Fifty of Daniel’s friends and family got together in the San Jose parking lot to honor his life and lay flowers at the burn site where he was fatally injured.

Rest eternal grant to him, O Lord, and let light perpetual shine upon him

30 May 2021 Update: Daniel’s Memorial Service at St. Andrew’s Episcopal Church

Daniel Martinez memorial, St. Andrew's Episcopal Church, 30 May 2021
Daniel Martinez memorial, St. Andrew’s Episcopal Church, 30 May 2021

If you want to receive Katysblog posts by email, please sign up using the Sign Me Up! button (upper right on Katysblog home). Images Copyright 2016-2021 by Peggy Bryan.

Leave a comment

Filed under Chaplain, Church, Home & Family, News & Reviews

MA Thesis Presentation

Katy on Zoom, 19 Feb 2021

On 7 March 2021, I presented about my GTU Master’s Thesis “Range of Chaplain Engagement with Prisoners” to about forty people in my home parish, St. Andrew’s Episcopal Church (Saratoga, California) via Zoom (and broadcast to the church courtyard). I linked my slides here to make it easier to follow along. Here is the link to the video recording.

I have not yet posted the whole thesis – I think the GTU Library will be doing that eventually. I am still in the process of getting the final thesis signatures and the library is one of the last that needs to approve it.

St Andrews, 7 Mar 2021

22 April 2021 – This presentation has been given several times, most recently to the GTU Religion and Practice Department, and a Kairos volunteer group. Please contact me if you would me to speak.

8 March 2021 – updated text, added video link, and photo

If you want to receive Katysblog posts by email, please sign up using the Sign Me Up! button (upper right on Katysblog home). Images Copyright 2021 by Katy Dickinson.

2 Comments

Filed under Church, News & Reviews

Busy Grad Student

Katy Dickinson Master's Thesis, Range of Chaplain Engagement with Prisoners, 23 Jan 2021
Katy Dickinson Master’s Thesis, Range of Chaplain Engagement with Prisoners, 23 Jan 2021

My Graduate Theological Union Master’s – Theology thesis is called “Range of Chaplain Engagement with Prisoners.” I finished writing it at the end of January, successfully defended it at the start of February and am now working through minor edits with my GTU committee. (Hooray!) In parallel, I am continuing to take classes for GTU’s Interreligious Chaplaincy Certificate program. I am honored to have been accepted into a CPE (clinical pastoral education) program at Stanford Health Care later this year.

I finished a two-part January Intersession class in “Introduction to Pastoral Care and Theology,” and am now taking three GTU classes, “Diversity in Counseling,” “Pediatric Chaplaincy,” and “A Good Death.” Because of the COVID-19 pandemic, all classes are online. Professors have to make up for the lack of in-person class time and meet the nine-hours-per-week / per class requirement. In addition to assigned reading and papers, my graduate classes meet by Zoom once or twice a week, plus posting 250 to 500 word reflections to Moodle (learning management system). Each class has a different schedule, so I created a table to remember when I need to post and when replies are due to other students’ posts. Every time I log into Moodle, it tells me how many more reflection posts I need to read. I end up posting to Moodle twelve to fourteen times a week. I will be happy when we can get back inside a real classroom.

If you want to receive Katysblog posts by email, please sign up using the Sign Me Up! button (upper right on Katysblog home). Images Copyright 2021 by Katy Dickinson.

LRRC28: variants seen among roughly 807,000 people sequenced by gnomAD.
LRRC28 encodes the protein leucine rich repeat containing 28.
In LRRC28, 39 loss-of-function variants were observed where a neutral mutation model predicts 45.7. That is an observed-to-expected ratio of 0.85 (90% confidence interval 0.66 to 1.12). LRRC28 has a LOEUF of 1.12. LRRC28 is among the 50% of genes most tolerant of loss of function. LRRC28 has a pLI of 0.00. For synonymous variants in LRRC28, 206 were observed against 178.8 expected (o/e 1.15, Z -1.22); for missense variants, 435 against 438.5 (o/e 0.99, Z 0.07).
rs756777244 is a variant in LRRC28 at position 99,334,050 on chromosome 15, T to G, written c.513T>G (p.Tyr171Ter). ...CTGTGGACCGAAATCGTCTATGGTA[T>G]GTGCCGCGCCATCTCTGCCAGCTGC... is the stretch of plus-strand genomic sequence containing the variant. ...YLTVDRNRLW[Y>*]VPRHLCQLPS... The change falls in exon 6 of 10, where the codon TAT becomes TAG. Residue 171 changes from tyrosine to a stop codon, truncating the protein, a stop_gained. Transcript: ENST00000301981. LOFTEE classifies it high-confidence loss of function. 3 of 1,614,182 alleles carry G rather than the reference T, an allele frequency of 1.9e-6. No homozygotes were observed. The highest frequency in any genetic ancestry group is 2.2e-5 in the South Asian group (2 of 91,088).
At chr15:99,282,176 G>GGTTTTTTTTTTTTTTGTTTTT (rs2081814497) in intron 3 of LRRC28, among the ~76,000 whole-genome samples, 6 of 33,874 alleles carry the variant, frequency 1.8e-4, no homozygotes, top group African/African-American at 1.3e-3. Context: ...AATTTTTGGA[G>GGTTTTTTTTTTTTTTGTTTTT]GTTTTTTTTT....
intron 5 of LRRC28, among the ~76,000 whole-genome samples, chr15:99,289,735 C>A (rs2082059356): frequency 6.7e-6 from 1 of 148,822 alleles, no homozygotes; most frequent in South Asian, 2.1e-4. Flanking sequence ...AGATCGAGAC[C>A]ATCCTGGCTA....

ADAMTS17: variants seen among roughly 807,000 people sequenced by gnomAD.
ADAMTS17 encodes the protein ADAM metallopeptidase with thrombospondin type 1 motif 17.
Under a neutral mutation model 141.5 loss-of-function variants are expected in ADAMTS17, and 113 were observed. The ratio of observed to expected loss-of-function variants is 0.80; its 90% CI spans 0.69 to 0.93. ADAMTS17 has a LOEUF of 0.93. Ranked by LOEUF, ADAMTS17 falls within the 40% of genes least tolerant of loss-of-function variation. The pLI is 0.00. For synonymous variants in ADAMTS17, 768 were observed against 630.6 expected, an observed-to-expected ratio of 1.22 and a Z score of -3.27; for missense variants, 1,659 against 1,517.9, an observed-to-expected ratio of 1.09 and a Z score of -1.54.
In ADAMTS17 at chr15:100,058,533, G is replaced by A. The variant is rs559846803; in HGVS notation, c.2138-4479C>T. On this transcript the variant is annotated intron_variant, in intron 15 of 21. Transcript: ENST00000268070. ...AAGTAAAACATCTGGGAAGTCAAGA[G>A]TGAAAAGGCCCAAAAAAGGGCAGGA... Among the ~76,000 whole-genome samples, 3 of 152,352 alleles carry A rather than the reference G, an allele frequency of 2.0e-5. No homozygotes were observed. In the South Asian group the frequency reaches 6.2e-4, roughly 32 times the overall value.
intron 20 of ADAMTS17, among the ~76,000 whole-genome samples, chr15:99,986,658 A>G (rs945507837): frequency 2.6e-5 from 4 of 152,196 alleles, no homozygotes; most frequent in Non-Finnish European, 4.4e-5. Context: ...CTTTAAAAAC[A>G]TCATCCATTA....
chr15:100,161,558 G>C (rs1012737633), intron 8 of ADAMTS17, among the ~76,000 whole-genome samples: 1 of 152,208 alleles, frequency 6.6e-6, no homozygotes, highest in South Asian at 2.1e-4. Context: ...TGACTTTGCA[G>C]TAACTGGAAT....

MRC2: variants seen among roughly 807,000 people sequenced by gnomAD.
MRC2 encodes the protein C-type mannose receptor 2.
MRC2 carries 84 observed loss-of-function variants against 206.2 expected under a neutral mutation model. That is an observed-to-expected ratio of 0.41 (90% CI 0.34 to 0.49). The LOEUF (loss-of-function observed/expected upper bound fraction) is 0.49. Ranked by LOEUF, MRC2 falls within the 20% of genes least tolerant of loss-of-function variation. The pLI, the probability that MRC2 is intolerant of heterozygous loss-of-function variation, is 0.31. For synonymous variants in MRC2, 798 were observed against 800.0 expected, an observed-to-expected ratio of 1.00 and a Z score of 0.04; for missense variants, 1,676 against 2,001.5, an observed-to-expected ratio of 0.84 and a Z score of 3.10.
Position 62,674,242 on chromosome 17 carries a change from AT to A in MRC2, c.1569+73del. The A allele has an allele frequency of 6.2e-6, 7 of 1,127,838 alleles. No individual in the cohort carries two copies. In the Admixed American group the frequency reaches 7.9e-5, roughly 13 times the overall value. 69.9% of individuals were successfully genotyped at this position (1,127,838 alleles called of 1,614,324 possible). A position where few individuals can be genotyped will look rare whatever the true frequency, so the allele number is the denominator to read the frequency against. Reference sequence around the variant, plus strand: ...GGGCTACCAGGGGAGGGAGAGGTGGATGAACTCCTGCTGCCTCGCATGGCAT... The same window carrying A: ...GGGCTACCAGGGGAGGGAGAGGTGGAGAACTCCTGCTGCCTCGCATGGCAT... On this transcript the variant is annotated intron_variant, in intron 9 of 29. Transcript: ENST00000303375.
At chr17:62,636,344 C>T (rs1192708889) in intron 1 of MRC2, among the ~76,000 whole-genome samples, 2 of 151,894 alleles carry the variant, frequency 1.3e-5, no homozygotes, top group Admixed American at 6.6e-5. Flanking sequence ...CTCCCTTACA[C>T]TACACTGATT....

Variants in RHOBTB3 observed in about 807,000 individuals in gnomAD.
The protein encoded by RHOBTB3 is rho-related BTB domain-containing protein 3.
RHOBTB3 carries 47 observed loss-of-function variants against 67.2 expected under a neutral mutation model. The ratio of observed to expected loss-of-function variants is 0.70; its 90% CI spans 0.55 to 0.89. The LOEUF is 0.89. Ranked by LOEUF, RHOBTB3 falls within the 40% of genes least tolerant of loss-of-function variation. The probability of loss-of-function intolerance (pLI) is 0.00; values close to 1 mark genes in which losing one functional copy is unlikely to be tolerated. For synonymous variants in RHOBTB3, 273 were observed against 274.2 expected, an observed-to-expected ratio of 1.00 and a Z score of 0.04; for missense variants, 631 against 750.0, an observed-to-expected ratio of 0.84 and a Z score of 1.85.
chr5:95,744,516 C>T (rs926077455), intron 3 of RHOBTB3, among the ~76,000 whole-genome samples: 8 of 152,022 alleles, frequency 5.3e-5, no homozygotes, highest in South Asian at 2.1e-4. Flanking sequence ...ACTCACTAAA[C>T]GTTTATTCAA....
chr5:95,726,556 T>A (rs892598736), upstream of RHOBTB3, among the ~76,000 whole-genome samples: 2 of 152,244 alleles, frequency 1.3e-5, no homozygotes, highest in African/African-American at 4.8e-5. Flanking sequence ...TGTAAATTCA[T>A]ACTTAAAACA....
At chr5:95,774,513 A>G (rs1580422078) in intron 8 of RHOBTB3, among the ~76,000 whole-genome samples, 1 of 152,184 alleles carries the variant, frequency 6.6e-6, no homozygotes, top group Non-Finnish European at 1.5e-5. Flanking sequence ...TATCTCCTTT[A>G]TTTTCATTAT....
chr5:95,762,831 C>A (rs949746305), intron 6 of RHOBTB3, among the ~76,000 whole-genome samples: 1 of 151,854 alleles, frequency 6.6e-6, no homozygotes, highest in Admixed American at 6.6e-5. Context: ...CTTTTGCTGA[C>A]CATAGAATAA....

Leave a comment

Filed under Chaplain, Church, News & Reviews

Interfaith Work

Jewish and Muslim interfaith studies books, Dec 2020

This semester at the Graduate Theological Union (GTU), I took a pair of half-semester classes, “Judaism and its Interreligious Context” (taught by Dr. Yehezkel Landau) and “Islam and its Interreligious Context” (taught by Dr. Mahjabeen Dhala). Both were excellent classes with inspiring professors. Together, these two classes met the GTU Master’s requirement for Interreligious Studies. I combined the term papers to create a final paper called “Getting Closer to God Through Interfaith Work.”

I have finished the major writing for my Master’s thesis, titled “Range of Chaplain Engagement with Prisoners,” and am waiting for my thesis committee’s feedback on the last few chapters. I have to defend my thesis in early February 2021, which means spending two or more hours answering questions by my review committee about the 100+ page document and my research. I officially graduate in May 2021 with my Master of Arts – Christian Theology, with a Certificate in Spirituality and Social Change. I will continue my studies in the GTU Interreligious Chaplaincy Certificate program but I am happy to be done with my Master’s classes.

Getting Closer to God Through Interfaith Work

Introduction

This paper presents reflections on interreligious dialogue from the lived experience of two notable leaders. Based on conversations with Maha Elgenaidi and Rabbi Melanie Aron, and considering related scholarly material, I examine my next steps with regard to interfaith engagement in my work and ministry. The title of this paper comes from Maha Elgenaidi but I find it rings true for me as well. Interfaith work makes me feel closer to God. I am using this paper not only to document the accomplishments and views of two remarkable women but also to emphasize the benefits of interfaith work to the community. 

Please read the remainder of the paper at “Getting Closer to God Through Interfaith Work.”

If you want to receive Katysblog posts by email, please sign up using the Sign Me Up! button (upper right on Katysblog home). Image Copyright 2020 by Katy Dickinson.

Leave a comment

Filed under Chaplain, Church, News & Reviews